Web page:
News and Updates for Healthcare Professionals

Delay or Avoidance of Medical Care Because of COVID-19–Related Concerns — United States, June 2020

Temporary disruptions in routine and nonemergency medical care access and delivery have been observed during periods of considerable community transmission of SARS-CoV-2, the virus that causes coronavirus disease 2019 (COVID-19). However, medical care delay or avoidance might increase morbidity and mortality risk associated with treatable and preventable health conditions and might contribute to reported excess deaths directly or indirectly related to COVID-19.

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The FDA’s Scientific and Regulatory Oversight of Vaccines is Vital to Public Health

The U.S. Food and Drug Administration’s mission is to protect and promote the public health, both in the U.S. and globally, by ensuring the safety and effectiveness of the products we regulate. Nowhere is this public health mission more evident than in the FDA’s role in the scientific and regulatory oversight of vaccines. One of the agency’s highest priorities is ensuring the quality, safety and effectiveness of vaccines. This deep and abiding commitment is something that we consider essential to engendering the public’s trust in vaccines.

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AHRQ Evidence-Based Practice Update

Strategies for Patient, Family, and Caregiver Engagement

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NIH establishes Centers for Research in Emerging Infectious Diseases

The National Institute of Allergy and Infectious Diseases (NIAID), part of the National Institutes of Health, today announced that it has awarded 11 grants with a total first-year value of approximately $17 million to establish the Centers for Research in Emerging Infectious Diseases (CREID).

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Consensus Statement Outlines Recommendations for Diabetes Self-Management Education and Support

A consensus statement published in Diabetes Care outlines the benefits and barriers associated with diabetes self-management education and support (DSMES) in adults with type 2 diabetes.

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Are You Aware: Quick Facts About Kidney Disease

In the United States, it is estimated that about 37 million adults have chronic kidney disease (CKD).1 Generally, sleep problems have been associated with higher mortality risk, chronic diseases such as heart disease, and progression of CKD.2-4 As a considerable proportion of the US population has reported sleep problems, prevalence is generally higher in adults with CKD than adults without CKD.3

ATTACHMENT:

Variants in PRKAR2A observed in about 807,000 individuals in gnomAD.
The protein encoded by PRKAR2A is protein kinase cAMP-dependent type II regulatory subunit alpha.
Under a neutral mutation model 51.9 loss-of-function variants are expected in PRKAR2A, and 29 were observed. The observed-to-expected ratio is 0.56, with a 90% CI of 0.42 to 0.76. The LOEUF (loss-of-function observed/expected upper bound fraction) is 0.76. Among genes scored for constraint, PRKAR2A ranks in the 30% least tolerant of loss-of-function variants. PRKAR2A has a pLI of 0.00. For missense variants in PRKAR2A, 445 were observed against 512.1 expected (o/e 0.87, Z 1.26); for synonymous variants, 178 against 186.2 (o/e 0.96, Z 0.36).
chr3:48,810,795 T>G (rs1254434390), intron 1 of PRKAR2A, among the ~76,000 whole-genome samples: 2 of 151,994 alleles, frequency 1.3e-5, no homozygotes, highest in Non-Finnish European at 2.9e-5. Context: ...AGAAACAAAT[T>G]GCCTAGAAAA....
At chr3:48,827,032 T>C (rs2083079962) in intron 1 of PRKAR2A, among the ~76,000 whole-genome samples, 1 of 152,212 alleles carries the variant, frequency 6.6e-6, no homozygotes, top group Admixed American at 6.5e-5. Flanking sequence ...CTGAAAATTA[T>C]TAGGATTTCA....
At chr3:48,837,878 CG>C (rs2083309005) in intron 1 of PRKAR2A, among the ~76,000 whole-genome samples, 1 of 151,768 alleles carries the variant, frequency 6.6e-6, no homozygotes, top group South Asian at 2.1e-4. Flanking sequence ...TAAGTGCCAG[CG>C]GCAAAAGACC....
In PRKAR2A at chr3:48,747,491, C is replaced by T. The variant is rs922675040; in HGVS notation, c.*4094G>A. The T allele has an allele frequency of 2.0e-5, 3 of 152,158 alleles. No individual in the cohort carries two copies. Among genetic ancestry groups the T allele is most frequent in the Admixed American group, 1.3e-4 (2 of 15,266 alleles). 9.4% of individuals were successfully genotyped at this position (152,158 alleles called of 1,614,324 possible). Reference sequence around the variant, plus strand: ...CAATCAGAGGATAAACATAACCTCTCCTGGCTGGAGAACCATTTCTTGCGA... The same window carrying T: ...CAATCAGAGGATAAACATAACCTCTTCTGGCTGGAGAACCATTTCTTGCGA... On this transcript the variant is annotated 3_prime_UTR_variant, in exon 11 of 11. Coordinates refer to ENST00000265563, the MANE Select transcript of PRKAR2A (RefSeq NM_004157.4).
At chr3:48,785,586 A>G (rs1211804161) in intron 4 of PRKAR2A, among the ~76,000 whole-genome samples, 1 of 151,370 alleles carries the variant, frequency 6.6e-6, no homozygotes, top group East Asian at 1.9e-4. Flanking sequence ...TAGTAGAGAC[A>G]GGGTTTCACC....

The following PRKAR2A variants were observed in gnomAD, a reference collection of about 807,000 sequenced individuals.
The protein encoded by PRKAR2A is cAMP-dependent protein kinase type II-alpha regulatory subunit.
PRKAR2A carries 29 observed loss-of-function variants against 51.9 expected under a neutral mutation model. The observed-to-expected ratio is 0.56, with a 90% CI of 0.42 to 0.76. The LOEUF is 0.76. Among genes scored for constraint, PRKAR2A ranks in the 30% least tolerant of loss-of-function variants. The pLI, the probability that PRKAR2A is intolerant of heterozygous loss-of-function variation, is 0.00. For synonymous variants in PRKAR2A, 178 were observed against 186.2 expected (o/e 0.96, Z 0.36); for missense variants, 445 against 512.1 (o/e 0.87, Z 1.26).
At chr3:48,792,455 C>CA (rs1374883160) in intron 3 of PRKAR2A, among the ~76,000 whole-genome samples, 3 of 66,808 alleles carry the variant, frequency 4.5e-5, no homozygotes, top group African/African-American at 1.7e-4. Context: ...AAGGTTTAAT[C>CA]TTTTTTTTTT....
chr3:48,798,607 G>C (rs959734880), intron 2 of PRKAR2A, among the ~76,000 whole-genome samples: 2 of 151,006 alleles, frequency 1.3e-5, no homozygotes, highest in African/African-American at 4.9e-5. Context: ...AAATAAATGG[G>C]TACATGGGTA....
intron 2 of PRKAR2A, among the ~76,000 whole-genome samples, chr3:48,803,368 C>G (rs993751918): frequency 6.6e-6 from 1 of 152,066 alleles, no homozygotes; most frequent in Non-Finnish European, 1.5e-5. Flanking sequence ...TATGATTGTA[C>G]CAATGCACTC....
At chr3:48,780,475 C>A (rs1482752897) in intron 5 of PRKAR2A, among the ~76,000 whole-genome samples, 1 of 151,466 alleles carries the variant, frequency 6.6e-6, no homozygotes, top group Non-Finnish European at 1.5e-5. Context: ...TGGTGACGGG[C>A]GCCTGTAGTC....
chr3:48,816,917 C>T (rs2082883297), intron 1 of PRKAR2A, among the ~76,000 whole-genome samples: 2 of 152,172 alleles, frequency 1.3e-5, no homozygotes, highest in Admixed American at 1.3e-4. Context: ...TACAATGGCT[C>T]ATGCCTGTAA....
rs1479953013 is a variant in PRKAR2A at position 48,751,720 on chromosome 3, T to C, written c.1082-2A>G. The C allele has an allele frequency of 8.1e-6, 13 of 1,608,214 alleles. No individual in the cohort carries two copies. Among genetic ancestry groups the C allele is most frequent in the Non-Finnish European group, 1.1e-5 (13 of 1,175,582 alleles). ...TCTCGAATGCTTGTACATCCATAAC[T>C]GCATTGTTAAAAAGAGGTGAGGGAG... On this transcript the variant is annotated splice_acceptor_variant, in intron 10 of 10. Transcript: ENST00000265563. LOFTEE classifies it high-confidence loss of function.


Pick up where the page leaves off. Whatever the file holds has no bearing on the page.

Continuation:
In the 2013-2014 National Health and Nutrition Examination Survey, two in five (41.0%) adults with CKD stages 3 and 4 reported trouble sleeping compared with 29.2% in adults with CKD stages 1 and 2* and 27.1% in adults with no CKD. The percentage reporting sleep disorders was also higher in adults with CKD stages 3 and 4 (17.7%) and CKD stages 1 and 2 (13.6%) than in adults without CKD (9.6%). Nocturia (waking up during the night to urinate) was also more prevalent in adults with CKD—39.4% in CKD stages 3 and 4 and 38.7% in CKD stages 1 and 2—compared with 24.3% in adults with no CKD. On the other hand, inadequate sleep was similar among adults with and without CKD.

The higher burden of sleep problems among adults with CKD, especially with stages 3 and 4, highlights the importance for early detection and management of these symptoms in the primary and specialty care settings.


  1. Centers for Disease Control and Prevention. Chronic Kidney Disease Basics website.
  2. Centers for Disease Control and Prevention. Sleep and Sleep Disorders website.
  3. Shieu M, Morgenstern H, Bragg-Gresham J, et al. US trends in prevalence of sleep problems and associations with chronic kidney disease and mortality. Kidney360. 2020;1(6):458–468. DOI:
  4. Molnar MZ, Mucsi I, Novak M, et al. Association of incident obstructive sleep apnea with outcomes in a large cohort of US veterans. Thorax. 2015;70(9):888–895. DOI: 10.1136/thoraxjnl-2015-206970.

First-ever research network tackles diabetic foot complications